Share this article on:

Current challenges in the management of the infected patient

Nicolau, David P

Current Opinion in Infectious Diseases: February 2011 - Volume 24 - Issue - p S1–S10
doi: 10.1097/01.qco.0000393483.10270.ff
Supplement Articles

Purpose of review: Management of hospital-associated infections (HAIs) has been made more challenging by the increasing proportion of immunocompromised or otherwise severely ill patients and increasing prevalence of antibiotic-resistant pathogens in this environment. This review examines strategies to optimize clinical outcomes and lower healthcare costs for patients with HAIs by focusing on patient-related, pathogen-related, and drug-related factors.

Recent findings: Factors have converged to increase the risk of infection with antibiotic-resistant pathogens in the current hospital environment, including the increasing prevalence of resistant species and number of hospitalized patients with conditions increasingly susceptible to infection with drug-resistant bacteria. Although the list of bacterial pathogens associated with HAIs has been fairly constant over time, the prevalence and resistance profile of these individual species continues to evolve. Periodic antibiograms should be utilized to access local patterns of resistance within the different hospital wards. Outcomes for patients with HAIs are optimized with early empiric treatment with an appropriate regimen, selected on the basis of patient characteristics and local resistance patterns. Dosing strategies should be utilized to ensure that the efficacy of an appropriate antibiotic is optimized, by achieving the pharmacodynamic target predictive of its efficacy. Using these strategies improves quality of care and is associated with lower overall healthcare costs.

Summary: Bacterial resistance is an increasing problem in the hospital environment, and has been associated with poorer clinical outcomes and elevated healthcare costs. By using patient characteristics, local antibiograms, and dosing strategies to achieve an optimal pharmacodynamic profile, early appropriate empiric therapy can be utilized to improve clinical outcomes, minimize the development of resistance, and reduce healthcare costs.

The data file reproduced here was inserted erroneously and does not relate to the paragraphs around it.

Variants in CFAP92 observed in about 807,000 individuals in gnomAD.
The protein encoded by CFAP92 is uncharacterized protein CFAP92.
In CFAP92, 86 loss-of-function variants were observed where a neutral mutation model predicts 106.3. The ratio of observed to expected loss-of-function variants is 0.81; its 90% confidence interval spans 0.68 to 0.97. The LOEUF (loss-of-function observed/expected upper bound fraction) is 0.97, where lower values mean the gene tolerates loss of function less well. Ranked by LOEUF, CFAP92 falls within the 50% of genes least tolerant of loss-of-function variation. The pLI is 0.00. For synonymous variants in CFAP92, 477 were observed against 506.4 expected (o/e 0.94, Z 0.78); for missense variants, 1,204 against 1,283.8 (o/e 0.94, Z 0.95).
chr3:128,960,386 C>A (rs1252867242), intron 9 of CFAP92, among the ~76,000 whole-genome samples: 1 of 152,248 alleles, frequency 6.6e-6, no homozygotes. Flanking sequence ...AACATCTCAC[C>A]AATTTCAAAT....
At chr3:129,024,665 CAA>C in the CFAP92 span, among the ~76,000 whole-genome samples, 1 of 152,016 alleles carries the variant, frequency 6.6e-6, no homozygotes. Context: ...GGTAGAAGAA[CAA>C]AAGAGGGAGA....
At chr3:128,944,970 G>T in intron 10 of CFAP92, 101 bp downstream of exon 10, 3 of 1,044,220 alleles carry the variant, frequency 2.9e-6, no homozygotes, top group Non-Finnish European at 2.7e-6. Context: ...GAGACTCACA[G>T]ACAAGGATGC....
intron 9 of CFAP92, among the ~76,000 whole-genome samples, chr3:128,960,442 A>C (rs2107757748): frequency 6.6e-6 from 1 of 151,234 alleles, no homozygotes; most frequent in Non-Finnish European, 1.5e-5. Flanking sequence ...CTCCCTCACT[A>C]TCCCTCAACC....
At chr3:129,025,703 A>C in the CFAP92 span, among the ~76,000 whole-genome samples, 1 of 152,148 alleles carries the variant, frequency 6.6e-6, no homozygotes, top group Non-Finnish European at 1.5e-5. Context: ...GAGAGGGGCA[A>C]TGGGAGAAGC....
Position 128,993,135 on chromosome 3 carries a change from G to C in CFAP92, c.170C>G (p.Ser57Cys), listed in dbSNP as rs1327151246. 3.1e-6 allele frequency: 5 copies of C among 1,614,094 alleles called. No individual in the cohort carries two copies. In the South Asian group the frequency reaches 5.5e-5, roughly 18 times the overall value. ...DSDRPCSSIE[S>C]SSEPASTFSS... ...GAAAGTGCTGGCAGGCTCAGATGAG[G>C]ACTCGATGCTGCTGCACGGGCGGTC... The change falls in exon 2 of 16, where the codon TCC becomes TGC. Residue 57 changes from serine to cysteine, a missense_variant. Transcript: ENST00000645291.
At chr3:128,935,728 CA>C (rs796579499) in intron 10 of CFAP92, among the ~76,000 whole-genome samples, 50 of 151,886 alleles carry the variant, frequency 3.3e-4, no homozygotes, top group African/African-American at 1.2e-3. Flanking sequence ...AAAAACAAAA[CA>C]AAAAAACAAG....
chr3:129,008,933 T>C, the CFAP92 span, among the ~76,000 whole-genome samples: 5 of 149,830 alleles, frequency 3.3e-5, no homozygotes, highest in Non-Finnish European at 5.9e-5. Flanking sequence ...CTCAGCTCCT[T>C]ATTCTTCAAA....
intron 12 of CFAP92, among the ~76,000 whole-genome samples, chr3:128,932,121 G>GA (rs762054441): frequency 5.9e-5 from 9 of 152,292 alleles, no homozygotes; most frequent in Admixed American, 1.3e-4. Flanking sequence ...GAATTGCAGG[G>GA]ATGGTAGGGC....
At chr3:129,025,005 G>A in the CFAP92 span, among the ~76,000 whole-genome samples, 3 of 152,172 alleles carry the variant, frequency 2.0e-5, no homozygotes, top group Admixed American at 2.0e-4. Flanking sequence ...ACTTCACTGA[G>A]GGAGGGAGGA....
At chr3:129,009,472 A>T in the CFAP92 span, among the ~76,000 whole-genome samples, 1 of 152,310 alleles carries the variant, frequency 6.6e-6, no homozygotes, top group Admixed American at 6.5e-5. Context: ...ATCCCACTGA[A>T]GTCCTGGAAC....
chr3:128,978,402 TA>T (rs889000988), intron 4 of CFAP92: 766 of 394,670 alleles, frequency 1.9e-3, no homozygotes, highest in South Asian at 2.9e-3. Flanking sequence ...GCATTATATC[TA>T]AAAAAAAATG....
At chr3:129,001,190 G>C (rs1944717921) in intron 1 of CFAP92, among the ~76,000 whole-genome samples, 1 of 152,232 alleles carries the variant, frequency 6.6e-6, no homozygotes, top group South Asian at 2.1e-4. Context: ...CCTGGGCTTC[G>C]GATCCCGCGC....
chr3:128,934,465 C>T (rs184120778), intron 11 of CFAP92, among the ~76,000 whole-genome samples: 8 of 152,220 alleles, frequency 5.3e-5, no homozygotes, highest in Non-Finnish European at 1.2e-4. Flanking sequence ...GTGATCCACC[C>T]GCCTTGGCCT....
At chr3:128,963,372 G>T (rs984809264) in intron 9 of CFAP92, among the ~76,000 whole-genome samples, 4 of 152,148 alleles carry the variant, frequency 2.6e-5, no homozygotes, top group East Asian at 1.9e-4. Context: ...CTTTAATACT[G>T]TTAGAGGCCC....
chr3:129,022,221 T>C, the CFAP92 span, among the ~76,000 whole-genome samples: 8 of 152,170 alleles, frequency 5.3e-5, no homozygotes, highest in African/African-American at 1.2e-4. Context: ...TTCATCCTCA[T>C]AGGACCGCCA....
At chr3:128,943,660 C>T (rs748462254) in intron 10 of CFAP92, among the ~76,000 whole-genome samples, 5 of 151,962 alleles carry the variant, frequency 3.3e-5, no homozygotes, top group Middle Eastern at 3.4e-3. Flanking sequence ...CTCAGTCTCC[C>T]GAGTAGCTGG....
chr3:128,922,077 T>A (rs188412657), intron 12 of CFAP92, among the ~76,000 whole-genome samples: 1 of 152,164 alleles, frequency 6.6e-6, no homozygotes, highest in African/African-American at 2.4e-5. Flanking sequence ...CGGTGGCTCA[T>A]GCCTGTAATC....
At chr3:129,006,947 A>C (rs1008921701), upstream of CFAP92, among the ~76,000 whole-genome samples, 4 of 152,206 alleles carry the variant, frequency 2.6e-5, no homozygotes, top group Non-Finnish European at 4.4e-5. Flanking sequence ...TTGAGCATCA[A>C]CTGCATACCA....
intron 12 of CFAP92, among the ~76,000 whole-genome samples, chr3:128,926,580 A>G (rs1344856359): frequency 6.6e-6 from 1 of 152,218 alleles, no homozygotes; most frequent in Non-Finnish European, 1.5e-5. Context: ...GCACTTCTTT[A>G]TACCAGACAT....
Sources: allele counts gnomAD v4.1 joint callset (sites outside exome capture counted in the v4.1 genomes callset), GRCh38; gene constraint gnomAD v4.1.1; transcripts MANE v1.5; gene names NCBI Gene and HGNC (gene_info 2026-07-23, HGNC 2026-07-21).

Center for Anti-Infective Research and Development, Hartford Hospital, Hartford, Connecticut, USA

Correspondence to David P. Nicolau, Director, Center for Anti-Infective Research and Development, Hartford Hospital, 80 Seymour Street, Hartford, CT 06074, USA Tel: +1 860 545 3941; e-mail:

Back to Top | Article Outline


Management of bacterial infections has become increasingly complex, as the general severity of illness or immune status of hospitalized patients has worsened, antibiotic resistance has increased, and the pipeline for new agents is diminishing. Infected patients are treated in a variety of institutional settings, from community hospitals to large academic medical centers, but a common principle of effective treatment is the rapid recognition of infection and the initiation of appropriate therapy, defined as an antimicrobial with laboratory-based susceptibility to the infecting pathogen. This strategy has been shown to reduce infection-related morbidity and mortality; however, the indiscriminate use of therapeutic entities may lead to the emergence of resistance in target pathogens or the development of superinfections (i.e., Clostridium difficile). Hence, when using antibiotics, it is prudent for the practicing clinician to be mindful of these benefits as well as the potential risks. This will not only improve the clinical outcomes of the infected patient, but will also reduce societal and healthcare costs associated with therapeutic failure.